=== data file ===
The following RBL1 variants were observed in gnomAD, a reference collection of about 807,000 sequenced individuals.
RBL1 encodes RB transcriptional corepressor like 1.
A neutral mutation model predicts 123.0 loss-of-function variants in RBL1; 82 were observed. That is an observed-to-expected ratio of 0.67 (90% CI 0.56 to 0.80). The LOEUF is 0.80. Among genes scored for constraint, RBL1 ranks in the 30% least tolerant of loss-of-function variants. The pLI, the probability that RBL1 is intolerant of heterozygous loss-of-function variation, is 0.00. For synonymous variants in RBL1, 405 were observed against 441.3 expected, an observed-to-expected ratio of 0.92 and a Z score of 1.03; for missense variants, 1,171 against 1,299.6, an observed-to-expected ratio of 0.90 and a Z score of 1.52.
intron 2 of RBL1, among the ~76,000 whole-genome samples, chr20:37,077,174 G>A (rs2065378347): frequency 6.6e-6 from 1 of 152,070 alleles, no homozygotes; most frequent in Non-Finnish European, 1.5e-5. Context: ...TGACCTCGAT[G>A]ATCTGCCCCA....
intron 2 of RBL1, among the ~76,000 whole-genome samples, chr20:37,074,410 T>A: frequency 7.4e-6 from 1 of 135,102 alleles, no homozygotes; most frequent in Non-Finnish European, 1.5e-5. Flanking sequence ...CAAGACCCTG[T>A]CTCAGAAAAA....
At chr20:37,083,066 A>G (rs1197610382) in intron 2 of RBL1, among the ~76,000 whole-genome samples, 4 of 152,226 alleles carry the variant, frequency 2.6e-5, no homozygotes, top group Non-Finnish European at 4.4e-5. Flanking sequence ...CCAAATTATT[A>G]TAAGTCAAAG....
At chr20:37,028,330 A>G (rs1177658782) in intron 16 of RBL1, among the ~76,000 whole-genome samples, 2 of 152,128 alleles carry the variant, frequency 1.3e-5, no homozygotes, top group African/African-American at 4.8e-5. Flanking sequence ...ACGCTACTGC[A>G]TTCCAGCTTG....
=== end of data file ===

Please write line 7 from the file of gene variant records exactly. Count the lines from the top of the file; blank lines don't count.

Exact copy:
At chr20:37,028,330 A>G (rs1177658782) in intron 16 of RBL1, among the ~76,000 whole-genome samples, 2 of 152,128 alleles carry the variant, frequency 1.3e-5, no homozygotes, top group African/African-American at 4.8e-5. Flanking sequence ...ACGCTACTGC[A>G]TTCCAGCTTG....